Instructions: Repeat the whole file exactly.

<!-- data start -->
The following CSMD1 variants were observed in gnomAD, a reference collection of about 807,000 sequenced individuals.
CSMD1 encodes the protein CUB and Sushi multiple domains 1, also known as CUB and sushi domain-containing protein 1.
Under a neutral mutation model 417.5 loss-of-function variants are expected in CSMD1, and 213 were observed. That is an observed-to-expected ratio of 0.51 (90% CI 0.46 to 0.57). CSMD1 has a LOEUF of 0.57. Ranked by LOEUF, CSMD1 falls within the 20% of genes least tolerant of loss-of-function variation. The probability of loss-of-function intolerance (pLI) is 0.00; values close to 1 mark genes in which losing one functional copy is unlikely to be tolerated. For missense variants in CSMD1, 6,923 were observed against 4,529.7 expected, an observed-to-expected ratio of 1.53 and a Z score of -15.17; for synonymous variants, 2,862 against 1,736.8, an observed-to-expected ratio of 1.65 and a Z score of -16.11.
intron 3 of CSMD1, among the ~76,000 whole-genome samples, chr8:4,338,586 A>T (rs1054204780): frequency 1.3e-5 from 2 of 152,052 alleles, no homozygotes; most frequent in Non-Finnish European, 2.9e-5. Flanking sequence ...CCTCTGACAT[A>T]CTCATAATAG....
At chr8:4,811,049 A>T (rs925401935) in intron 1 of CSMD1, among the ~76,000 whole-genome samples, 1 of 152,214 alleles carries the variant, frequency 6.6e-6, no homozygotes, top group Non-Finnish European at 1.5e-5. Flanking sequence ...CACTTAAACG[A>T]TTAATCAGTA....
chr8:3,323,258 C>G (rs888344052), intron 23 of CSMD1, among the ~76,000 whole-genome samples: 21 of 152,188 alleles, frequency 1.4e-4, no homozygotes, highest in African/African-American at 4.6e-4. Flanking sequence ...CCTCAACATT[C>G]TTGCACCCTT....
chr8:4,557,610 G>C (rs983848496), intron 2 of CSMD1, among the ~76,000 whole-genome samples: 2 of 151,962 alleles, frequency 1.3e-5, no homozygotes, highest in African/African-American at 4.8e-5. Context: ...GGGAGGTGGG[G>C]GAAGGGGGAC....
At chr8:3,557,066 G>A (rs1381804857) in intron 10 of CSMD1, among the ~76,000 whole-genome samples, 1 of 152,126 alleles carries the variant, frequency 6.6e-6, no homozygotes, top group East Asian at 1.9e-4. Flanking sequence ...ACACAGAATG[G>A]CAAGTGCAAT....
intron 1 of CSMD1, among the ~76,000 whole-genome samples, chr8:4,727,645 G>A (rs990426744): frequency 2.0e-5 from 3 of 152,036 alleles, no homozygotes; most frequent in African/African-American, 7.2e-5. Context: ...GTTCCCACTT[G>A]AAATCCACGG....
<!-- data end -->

The following CSMD1 variants were observed in gnomAD, a reference collection of about 807,000 sequenced individuals.
CSMD1 encodes the protein CUB and Sushi multiple domains 1, also known as CUB and sushi domain-containing protein 1.
Under a neutral mutation model 417.5 loss-of-function variants are expected in CSMD1, and 213 were observed. That is an observed-to-expected ratio of 0.51 (90% CI 0.46 to 0.57). CSMD1 has a LOEUF of 0.57. Ranked by LOEUF, CSMD1 falls within the 20% of genes least tolerant of loss-of-function variation. The probability of loss-of-function intolerance (pLI) is 0.00; values close to 1 mark genes in which losing one functional copy is unlikely to be tolerated. For missense variants in CSMD1, 6,923 were observed against 4,529.7 expected, an observed-to-expected ratio of 1.53 and a Z score of -15.17; for synonymous variants, 2,862 against 1,736.8, an observed-to-expected ratio of 1.65 and a Z score of -16.11.
intron 3 of CSMD1, among the ~76,000 whole-genome samples, chr8:4,338,586 A>T (rs1054204780): frequency 1.3e-5 from 2 of 152,052 alleles, no homozygotes; most frequent in Non-Finnish European, 2.9e-5. Flanking sequence ...CCTCTGACAT[A>T]CTCATAATAG....
At chr8:4,811,049 A>T (rs925401935) in intron 1 of CSMD1, among the ~76,000 whole-genome samples, 1 of 152,214 alleles carries the variant, frequency 6.6e-6, no homozygotes, top group Non-Finnish European at 1.5e-5. Flanking sequence ...CACTTAAACG[A>T]TTAATCAGTA....
chr8:3,323,258 C>G (rs888344052), intron 23 of CSMD1, among the ~76,000 whole-genome samples: 21 of 152,188 alleles, frequency 1.4e-4, no homozygotes, highest in African/African-American at 4.6e-4. Flanking sequence ...CCTCAACATT[C>G]TTGCACCCTT....
chr8:4,557,610 G>C (rs983848496), intron 2 of CSMD1, among the ~76,000 whole-genome samples: 2 of 151,962 alleles, frequency 1.3e-5, no homozygotes, highest in African/African-American at 4.8e-5. Context: ...GGGAGGTGGG[G>C]GAAGGGGGAC....
At chr8:3,557,066 G>A (rs1381804857) in intron 10 of CSMD1, among the ~76,000 whole-genome samples, 1 of 152,126 alleles carries the variant, frequency 6.6e-6, no homozygotes, top group East Asian at 1.9e-4. Flanking sequence ...ACACAGAATG[G>A]CAAGTGCAAT....
intron 1 of CSMD1, among the ~76,000 whole-genome samples, chr8:4,727,645 G>A (rs990426744): frequency 2.0e-5 from 3 of 152,036 alleles, no homozygotes; most frequent in African/African-American, 7.2e-5. Context: ...GTTCCCACTT[G>A]AAATCCACGG....